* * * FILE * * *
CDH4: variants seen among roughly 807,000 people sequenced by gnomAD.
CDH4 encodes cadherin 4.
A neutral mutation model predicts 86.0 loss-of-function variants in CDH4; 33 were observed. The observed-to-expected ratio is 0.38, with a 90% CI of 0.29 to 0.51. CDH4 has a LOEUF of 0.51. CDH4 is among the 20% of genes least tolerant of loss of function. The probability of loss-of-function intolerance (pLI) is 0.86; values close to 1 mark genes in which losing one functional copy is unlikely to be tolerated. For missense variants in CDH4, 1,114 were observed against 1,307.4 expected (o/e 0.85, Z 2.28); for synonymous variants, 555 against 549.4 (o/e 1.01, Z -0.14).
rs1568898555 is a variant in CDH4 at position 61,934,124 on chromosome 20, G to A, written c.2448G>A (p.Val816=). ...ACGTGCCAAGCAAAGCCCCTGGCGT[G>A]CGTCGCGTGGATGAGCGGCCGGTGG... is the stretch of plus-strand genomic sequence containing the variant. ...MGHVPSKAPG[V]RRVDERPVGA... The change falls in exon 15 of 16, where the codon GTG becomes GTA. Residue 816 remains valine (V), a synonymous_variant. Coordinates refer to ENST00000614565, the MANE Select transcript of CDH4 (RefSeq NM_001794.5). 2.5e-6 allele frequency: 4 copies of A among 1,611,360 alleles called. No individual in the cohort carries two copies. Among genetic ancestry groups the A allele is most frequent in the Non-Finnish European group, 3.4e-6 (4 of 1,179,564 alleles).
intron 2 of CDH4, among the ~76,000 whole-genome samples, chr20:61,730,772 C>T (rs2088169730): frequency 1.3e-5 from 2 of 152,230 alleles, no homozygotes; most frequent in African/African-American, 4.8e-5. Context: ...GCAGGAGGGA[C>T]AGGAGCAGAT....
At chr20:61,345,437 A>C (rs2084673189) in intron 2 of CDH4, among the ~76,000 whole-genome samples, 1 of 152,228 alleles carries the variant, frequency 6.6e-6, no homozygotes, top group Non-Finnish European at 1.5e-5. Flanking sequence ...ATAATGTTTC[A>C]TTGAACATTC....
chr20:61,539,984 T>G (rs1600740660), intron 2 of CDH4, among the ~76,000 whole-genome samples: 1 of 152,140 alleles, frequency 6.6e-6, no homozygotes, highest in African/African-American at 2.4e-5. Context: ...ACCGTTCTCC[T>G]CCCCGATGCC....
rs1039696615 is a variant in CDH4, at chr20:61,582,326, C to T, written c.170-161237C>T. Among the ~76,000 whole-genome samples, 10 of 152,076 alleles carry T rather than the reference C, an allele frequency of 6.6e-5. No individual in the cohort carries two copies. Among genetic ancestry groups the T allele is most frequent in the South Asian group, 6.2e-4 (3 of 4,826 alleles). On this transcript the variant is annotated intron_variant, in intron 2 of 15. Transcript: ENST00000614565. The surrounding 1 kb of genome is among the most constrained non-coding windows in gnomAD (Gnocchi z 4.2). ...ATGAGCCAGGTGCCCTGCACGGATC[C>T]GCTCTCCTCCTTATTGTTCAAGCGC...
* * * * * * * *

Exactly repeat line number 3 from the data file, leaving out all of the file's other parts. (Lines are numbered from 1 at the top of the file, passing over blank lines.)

A neutral mutation model predicts 86.0 loss-of-function variants in CDH4; 33 were observed. The observed-to-expected ratio is 0.38, with a 90% CI of 0.29 to 0.51. CDH4 has a LOEUF of 0.51. CDH4 is among the 20% of genes least tolerant of loss of function. The probability of loss-of-function intolerance (pLI) is 0.86; values close to 1 mark genes in which losing one functional copy is unlikely to be tolerated. For missense variants in CDH4, 1,114 were observed against 1,307.4 expected (o/e 0.85, Z 2.28); for synonymous variants, 555 against 549.4 (o/e 1.01, Z -0.14).